Limits...
Exploring the views and experiences of callers to the PANDA Post and Antenatal Depression Association Australian National Perinatal Depression Helpline: a cross-sectional survey.

Biggs LJ, Shafiei T, Forster DA, Small R, McLachlan HL - BMC Pregnancy Childbirth (2015)

Bottom Line: Callers described the PANDA service as uniquely tailored to the perinatal period, providing accessible, non-judgemental understanding and support, with a global theme from open-ended comments describing PANDA as 'a safe space to be heard and receive support without judgement'.The Helpline was described as an accessible and acceptable telephone support for individuals experiencing perinatal mental illness.Recommendations for changes to the service included an increase in hours of operation to enable greater responsiveness at times of need, reduced waiting times, and access to continuity with the same volunteer and/or telephone counsellor.

View Article: PubMed Central - PubMed

Affiliation: Judith Lumley Centre, La Trobe University, Level 3, 215 Franklin St, Melbourne, 3000, Australia. Laura.Biggs@latrobe.edu.au.

ABSTRACT

Background: Anxiety and depression are common in the perinatal period. Telephone interventions, including telephone peer support and counselling, have been developed to support those experiencing perinatal mental illness. PANDA Post and Antenatal Depression Association provides support to women and men experiencing perinatal mental illness via the Australian National Perinatal Depression Helpline, encompassing both volunteer peer support and professional counselling. This study aimed to explore the experiences of callers to the Helpline.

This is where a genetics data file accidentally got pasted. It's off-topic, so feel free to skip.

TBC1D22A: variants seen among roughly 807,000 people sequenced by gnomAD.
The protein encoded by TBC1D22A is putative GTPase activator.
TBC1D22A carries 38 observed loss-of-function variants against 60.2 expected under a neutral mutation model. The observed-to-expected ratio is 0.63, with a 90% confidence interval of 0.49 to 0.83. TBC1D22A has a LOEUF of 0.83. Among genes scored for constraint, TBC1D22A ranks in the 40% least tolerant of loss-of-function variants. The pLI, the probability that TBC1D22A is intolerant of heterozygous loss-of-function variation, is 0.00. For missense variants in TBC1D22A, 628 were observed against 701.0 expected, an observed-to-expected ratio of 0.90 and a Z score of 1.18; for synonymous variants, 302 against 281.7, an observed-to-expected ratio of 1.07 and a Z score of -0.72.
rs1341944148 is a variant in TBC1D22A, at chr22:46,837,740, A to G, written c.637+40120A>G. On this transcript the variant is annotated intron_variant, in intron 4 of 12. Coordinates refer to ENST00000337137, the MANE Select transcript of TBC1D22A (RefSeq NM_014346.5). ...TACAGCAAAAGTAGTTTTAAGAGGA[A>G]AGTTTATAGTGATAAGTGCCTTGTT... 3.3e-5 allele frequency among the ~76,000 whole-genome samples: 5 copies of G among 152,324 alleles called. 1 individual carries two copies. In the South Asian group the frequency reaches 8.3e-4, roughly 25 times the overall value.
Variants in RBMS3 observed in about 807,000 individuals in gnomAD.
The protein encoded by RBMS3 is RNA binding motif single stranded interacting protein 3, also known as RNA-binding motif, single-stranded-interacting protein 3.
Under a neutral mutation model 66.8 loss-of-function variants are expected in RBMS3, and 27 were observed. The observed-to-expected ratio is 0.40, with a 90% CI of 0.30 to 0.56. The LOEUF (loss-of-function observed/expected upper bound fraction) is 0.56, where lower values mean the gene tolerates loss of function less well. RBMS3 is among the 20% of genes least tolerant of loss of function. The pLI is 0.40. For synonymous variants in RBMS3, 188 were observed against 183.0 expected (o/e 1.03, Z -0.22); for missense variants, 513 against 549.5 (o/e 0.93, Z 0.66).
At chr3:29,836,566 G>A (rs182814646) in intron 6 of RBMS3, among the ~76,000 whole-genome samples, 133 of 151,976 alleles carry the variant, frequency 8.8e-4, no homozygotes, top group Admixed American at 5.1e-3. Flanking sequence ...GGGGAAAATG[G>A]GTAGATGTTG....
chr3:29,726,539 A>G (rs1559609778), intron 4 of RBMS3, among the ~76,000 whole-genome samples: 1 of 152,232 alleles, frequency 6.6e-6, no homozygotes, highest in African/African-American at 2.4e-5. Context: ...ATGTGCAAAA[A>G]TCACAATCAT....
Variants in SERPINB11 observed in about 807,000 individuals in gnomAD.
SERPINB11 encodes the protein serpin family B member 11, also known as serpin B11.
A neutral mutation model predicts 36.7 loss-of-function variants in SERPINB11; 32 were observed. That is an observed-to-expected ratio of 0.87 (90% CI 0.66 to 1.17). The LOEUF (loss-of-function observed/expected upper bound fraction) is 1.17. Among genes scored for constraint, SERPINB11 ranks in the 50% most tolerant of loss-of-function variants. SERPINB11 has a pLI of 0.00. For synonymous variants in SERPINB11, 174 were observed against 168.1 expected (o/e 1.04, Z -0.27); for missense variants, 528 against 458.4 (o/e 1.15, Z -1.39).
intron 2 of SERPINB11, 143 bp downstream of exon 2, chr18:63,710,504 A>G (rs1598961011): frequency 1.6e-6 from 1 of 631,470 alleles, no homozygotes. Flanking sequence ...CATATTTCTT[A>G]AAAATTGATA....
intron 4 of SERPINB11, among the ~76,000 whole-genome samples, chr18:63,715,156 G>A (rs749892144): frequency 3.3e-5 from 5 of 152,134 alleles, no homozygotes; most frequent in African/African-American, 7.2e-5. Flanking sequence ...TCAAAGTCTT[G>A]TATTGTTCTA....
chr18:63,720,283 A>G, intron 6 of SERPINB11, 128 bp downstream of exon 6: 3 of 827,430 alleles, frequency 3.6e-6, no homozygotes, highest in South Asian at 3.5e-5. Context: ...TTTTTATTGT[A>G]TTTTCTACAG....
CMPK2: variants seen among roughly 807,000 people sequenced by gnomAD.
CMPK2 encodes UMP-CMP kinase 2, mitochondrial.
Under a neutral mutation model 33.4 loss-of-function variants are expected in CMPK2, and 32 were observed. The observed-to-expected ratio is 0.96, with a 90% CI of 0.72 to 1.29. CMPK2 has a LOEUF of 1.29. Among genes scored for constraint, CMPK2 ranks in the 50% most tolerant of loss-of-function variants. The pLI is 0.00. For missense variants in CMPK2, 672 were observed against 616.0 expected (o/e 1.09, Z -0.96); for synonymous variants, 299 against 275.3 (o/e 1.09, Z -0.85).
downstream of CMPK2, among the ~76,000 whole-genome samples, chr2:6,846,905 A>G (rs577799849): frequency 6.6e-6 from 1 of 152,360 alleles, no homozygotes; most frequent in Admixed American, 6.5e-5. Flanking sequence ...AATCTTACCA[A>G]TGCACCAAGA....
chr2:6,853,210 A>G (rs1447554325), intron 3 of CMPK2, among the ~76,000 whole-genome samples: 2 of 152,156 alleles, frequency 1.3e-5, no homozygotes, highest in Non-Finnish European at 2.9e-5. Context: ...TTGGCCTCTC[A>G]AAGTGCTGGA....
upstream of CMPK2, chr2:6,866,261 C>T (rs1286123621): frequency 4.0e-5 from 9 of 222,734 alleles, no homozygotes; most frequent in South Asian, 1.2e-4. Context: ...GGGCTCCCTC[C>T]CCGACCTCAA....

Methods: A cross-sectional survey design was used. All new callers from 1(st) May to 30(th) September 2013 were invited to participate. The survey, adapted from a previous survey of PANDA callers, included 23 questions using Likert-type scales, demographic and open-ended questions. Thematic network analysis was undertaken for responses to open-ended questions.

Results: 124 responses were received (124/405; 30% response). The majority of callers had called the Helpline regarding themselves (90%), with over one third (33%) of all callers seeking crisis support and help. Ninety-nine per cent of respondents 'agreed' or 'strongly agreed' that staff and/or volunteers understood their concerns, and 97% 'agreed' or 'strongly agreed' that overall PANDA had helped them. Callers described the PANDA service as uniquely tailored to the perinatal period, providing accessible, non-judgemental understanding and support, with a global theme from open-ended comments describing PANDA as 'a safe space to be heard and receive support without judgement'. Recommendations for service changes included increased hours of availability.

Conclusions: Callers reported positive experiences of accessing support from the PANDA National Perinatal Depression Helpline. The Helpline was described as an accessible and acceptable telephone support for individuals experiencing perinatal mental illness. Recommendations for changes to the service included an increase in hours of operation to enable greater responsiveness at times of need, reduced waiting times, and access to continuity with the same volunteer and/or telephone counsellor. The findings of the study will be useful in informing future service provision, review, and implementation.

No MeSH data available.


Related in: MedlinePlus

Participant flow chart
© Copyright Policy - OpenAccess
Related In: Results  -  Collection

License 1 - License 2
getmorefigures.php?uid=PMC4562185&req=5

Fig2: Participant flow chart

Mentions: Figure 2 describes the process of distributing the survey to callers and the responses received. A total of 483 new calls were made to the Helpline over the five-month recruitment period, but 59 callers did not provide any contact details. In total 359 emails and 72 postal surveys (n = 431) were sent. Of the original 359 sent by email, 25 of the email addresses were incorrect. Seven of these had postal addresses, so this method was used in these instances. One postal survey was ‘returned to sender’ with an incorrect address. Thus, there was potential for 405 surveys to be completed and of these 124 responses were received, 24 hard copy and 100 via the online survey; a response of 30 %.Fig. 2